Review of REVOLUTIONARY ROAD with DiCaprio and Winslet
Remember those scenes in Airplane! when Robert Hays’s character tries to tell fellow passengers his life story but it’s so intolerable, one lady hangs herself while another man commits seppuku? When the lights went up in the theater after the screening of Revolutionary Road I attended, I half expected to see people hanging from the rafters or setting themselves on fire. This is easily the most depressing movie of the year and I’ve seen Defiance.
But let me be clear: Road is very good; it’s well-acted, -written, -directed, -photographed, -costumed, -scored, etc. It’s definitely smart, adult fare. But its themes are so disturbing, the film is more terrifying than anything featuring people with saws or wearing hockey masks.
The obvious draw will be the reunion of Titanic lovebirds Leonardo DiCaprio and Kate Winslet, playing another period couple—this time in the 1950s—but engaged in a very different kind of relationship. Frank Wheeler (DiCaprio) meets April (Winslet) at a party when they’re both young and certain they’d set the world on fire. She’s studying to be an actress while he’s just back from the service, still figuring out his future. Fast forward to two kids and seven years later, her acting career has fizzled and he’s stuck in a soul-sucking cubicle job which he describes by saying, “There’s nothing interesting about it at all.” Desperate to infuse some passion and excitement back into their lives, April sells Frank on the idea of ditching everything and moving to Paris with their children. But complications ensue and the dream ends up far from a happy ending.
DiCaprio and Winslet do wrenching work, taking Frank and April from a hopeful existence to a “hopeless emptiness.” The acting isn’t always natural, sometimes overly demonstrative and other times very fifties-style Stepford-ish. But the two stars manage to cut open Frank and April’s inner selves as if performing metaphorical open-heart surgery on each other and the result is just as bloody and raw.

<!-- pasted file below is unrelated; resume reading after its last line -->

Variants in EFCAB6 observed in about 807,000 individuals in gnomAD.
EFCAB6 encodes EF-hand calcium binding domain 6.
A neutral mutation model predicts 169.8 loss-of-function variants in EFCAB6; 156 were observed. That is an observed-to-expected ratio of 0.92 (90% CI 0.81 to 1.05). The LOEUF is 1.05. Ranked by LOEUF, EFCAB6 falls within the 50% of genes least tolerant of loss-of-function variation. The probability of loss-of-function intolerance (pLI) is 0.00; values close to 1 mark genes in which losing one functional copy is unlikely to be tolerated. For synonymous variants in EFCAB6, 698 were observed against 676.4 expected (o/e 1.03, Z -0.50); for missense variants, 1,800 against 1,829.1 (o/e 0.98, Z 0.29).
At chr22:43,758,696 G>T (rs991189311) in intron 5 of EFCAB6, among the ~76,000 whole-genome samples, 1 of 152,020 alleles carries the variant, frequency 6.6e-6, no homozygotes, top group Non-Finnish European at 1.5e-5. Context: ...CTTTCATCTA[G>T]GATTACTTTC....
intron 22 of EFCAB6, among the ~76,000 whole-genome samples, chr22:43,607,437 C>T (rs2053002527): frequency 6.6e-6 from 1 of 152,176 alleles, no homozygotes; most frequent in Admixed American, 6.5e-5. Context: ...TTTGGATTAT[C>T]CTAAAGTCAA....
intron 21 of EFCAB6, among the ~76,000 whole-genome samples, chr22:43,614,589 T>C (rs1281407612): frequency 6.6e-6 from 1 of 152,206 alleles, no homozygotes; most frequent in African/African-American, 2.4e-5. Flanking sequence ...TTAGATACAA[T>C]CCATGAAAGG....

The supporting cast is first-rate, especially Michael Shannon as John Givings, the supposedly insane son of Kathy Bates’s realtor character. Shannon gives an electrifying performance as an outsider who comes into the placid neighborhood on Revolutionary Road (ironically named because there’s no revolution happening in any of these people’s lives) and rips right through the Wheelers’ facade of domestic perfection. But while the performance is a standout, the employment of his character is a bit cliche and too convenient—having the crazy guy be the only person who speaks the truth no one else will.
Besides the name of the road, other monikers also seem to mock what they represent. Wheelers are supposed to denote people on the move but this couple is paralyzed by inertia. Frank is not so much—he has moments of eruption but most of the time he puts on a smile and keeps his innermost thoughts to himself. And April, a word which usually symbolizes spring and a time of renewal, can’t seem to escape a lonely, unending winter.
The devastating thing about this movie, based on Richard Yates’s novel of the same name (which I haven’t read), is that it posits Frank and April’s situation could happen to anyone. (Heck, it could’ve happened to Jack and Rose from Titanic had Jack lived.) We all start out thinking we’re headed for great things but some wake up one day realizing “we’re not that special,” as April says. Even if you watch this movie feeling all superior and thinking, “I’m not a housewife stuck in a rut” or “I’m not some guy in a dead-end job,” who knows where you’ll be ten years from now? The deterioration of lives and dreams could happen so slowly that you don’t notice until one day you look around and wonder how you got to where you are, an unfulfilled place you swore you’d never end up in. I’m not trying to depress you; this is what Road depicts. It puts these issues under a magnifying glass and no matter how much the characters squirm, director Sam Mendes keeps the glass on them until the heat makes them burst into flames.
Mendes has plumbed this territory before—Road is like American Beauty (it even has a similarly stark, piano score by Thomas Newman) with a younger couple and less black humor. He’s a brave man to embark on such a bleak exploration of marriage with his wife in the lead; the film’s even dedicated to their children. (I wouldn’t know WHAT to think if my parents dedicated a movie like this to me.) Road deserves to be seen and I’d recommend it, but be forewarned it will not add to your holiday cheer.
And leave all weapons at home, just in case.
(Limited release, December 26)